Black, Harwell and Fitzhugh release income tax info; other gubernatorial candidates refuse

Four of the seven major candidates for Tennessee governor have turned down a Tennessean request to make public details of their federal income tax returns.

U.S. Rep. Diane Black and fellow Republican state House Speaker Beth Harwell provided financial summaries. Of the other Republican candidates Mae Beavers, Randy Boyd and Bill Lee declined – though Boyd indicated he may reconsider in the future.

On the Democrat side, House Minority Leader Craig Fitzhugh released a copy of his 2016 return and former Nashville Mayor Karl Dean declined the request, though indicating he may reconsider later.

The resulting Tennessean story leads on the financial summaries that show Black and her husband had $78.6 million in taxable income from 2013 to 2016 while Harwell and her spouse had $1.5 million during the same time period.

An excerpt:

The 2016 tax return for Fitzhugh and his wife reveals they earned $464,000 last year, which is less than the Blacks but more than the Harwells.

…Black, who at one point was named one of the richest members of Congress, and her husband, David, earned $7.2 million in 2016, according to tax documents provided by the campaign. (Note: It was the basic 1040; no accompanying schedules, etc.)

Roughly half – or $3.6 million – was earned through the sale of property or investments, with another $2.5 million earned through rental real estate, royalties, partnerships or trusts, according to her tax return. The couple reported earning nearly $717,000 in wages or salaries.

The family’s taxable income for 2016 was $5.6 million, leaving them to pay $1.5 million in federal taxes.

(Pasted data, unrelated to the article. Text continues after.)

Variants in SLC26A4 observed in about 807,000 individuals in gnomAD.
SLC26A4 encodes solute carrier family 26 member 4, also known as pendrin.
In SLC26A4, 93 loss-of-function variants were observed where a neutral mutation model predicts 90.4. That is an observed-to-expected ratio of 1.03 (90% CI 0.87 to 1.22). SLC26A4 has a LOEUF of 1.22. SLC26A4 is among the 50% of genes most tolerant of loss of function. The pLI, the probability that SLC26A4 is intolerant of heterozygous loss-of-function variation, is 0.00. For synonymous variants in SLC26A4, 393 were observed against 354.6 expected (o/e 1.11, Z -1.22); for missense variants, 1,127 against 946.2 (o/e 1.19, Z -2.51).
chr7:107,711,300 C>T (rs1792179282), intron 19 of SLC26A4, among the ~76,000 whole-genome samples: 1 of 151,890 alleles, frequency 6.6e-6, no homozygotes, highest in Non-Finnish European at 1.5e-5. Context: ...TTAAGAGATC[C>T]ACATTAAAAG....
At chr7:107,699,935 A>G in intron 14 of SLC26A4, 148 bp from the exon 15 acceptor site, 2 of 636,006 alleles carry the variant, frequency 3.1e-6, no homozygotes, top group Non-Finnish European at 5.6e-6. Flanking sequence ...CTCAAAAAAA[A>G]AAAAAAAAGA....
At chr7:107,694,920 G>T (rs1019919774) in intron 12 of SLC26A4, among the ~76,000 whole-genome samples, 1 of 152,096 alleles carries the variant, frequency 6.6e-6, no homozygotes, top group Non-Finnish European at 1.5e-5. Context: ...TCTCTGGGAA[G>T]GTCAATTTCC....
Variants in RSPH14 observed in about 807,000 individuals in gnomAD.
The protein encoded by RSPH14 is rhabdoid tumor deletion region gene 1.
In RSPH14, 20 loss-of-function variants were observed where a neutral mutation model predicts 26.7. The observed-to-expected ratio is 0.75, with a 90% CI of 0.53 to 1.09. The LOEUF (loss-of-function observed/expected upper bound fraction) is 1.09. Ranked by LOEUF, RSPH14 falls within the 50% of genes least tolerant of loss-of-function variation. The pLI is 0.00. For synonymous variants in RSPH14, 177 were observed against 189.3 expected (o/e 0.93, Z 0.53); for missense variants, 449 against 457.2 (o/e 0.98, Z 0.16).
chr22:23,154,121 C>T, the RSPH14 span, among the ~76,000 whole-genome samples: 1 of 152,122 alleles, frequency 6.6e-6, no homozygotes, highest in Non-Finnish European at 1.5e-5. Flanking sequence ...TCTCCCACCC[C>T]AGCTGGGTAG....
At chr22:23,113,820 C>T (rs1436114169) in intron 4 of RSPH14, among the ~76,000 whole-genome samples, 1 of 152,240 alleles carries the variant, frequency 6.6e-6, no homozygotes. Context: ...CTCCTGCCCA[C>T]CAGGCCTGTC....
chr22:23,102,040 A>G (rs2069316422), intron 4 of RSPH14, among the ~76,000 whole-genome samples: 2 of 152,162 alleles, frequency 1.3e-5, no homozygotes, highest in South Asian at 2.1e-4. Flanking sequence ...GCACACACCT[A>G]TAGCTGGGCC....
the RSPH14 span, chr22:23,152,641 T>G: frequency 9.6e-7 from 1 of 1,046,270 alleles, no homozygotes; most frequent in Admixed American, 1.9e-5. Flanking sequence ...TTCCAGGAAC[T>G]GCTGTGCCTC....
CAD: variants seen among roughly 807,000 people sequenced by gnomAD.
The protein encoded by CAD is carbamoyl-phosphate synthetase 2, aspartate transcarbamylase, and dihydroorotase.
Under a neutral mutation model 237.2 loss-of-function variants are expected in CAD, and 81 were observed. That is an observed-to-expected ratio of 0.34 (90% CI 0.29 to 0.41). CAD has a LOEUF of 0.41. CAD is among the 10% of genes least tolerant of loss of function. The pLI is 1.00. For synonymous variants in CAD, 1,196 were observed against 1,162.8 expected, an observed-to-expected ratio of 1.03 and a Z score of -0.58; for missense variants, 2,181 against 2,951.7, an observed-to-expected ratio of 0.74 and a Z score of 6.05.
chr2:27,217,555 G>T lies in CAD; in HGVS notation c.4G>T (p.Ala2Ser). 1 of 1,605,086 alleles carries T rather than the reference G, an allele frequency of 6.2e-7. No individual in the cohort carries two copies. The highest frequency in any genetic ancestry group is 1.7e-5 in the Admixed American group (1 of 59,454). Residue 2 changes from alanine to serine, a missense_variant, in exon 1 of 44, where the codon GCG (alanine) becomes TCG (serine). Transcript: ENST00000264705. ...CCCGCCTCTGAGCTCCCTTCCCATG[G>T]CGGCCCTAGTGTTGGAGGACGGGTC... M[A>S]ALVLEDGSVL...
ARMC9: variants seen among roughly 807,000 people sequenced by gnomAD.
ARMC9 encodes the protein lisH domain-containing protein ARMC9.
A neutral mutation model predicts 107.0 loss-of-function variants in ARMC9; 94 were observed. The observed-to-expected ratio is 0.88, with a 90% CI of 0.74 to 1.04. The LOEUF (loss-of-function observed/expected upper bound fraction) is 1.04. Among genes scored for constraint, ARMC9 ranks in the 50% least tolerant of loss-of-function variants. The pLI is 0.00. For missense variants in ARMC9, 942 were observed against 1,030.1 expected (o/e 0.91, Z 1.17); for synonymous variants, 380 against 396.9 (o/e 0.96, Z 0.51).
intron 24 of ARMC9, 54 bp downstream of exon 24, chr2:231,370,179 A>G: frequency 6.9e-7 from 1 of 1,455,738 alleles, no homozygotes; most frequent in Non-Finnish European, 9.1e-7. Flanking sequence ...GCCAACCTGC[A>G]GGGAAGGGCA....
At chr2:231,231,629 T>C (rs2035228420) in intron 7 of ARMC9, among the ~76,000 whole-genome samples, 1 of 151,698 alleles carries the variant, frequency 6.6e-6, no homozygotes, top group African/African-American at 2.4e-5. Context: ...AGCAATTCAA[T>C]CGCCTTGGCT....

… Harwell and her husband Sam, who owns Big Time Toys, had about $369,000 in income last year, according to an income tax summary created by a certified public accountant.

The income tax summary did not divulge where the Harwells earned the income. The campaign provided a copy of Harwell’s statement of disclosure of interests, which candidates and state lawmakers must fill out each year.

… The Harwells’ taxable income for 2016 was $301,500.

Their income between 2013 and 2015 increased each year, according to the tax summary. In 2013, the family reported an income of nearly $240,000, followed by about $418,000 in 2014. In 2015, the couple earned nearly $567,000.

Harwell and her husband paid $560,000 in federal income taxes from 2013 to 2016. At the same time, they paid $43,400 in state taxes.

… The majority of the $464,000 Fitzhugh, who is CEO and chairman of a small bank chain in Ripley, and his wife Pamela made last year came from wages and salary. They reported earning nearly $313,000 in wages in 2016.

The Fitzhughs’ taxable income for the year was roughly $392,000. They paid $91,000 in federal taxes.

…In a statement, Lee said, “As chairman of Lee Company, a privately held company, in the interest of protecting my business and the over 1,200 employees there, I will not be releasing my tax returns in this campaign.”

… Boyd spokeswoman Laine Arnold said the request is “something we will certainly consider in due time once the final field of candidates is set and as we see what the other candidates intend to do.”

… A spokesman for Beavers refused to respond to multiple requests for tax returns, at one point instead suggesting a story about Haslam’s decision to not release his own tax returns during his run for governor.

A spokeswoman for Dean said while they would not be able to provide documents within one month of the initial request, the campaign would consider providing such information in time.

Note: Haslam in 2010 broke a decades-old tradition of major gubernatorial candidates releasing tax returns. And, of course, Donald Trump broke a decades-old tradition of major presidential candidates releasing tax return information. Both were criticized for their secrecy during their campaigns. Both won.

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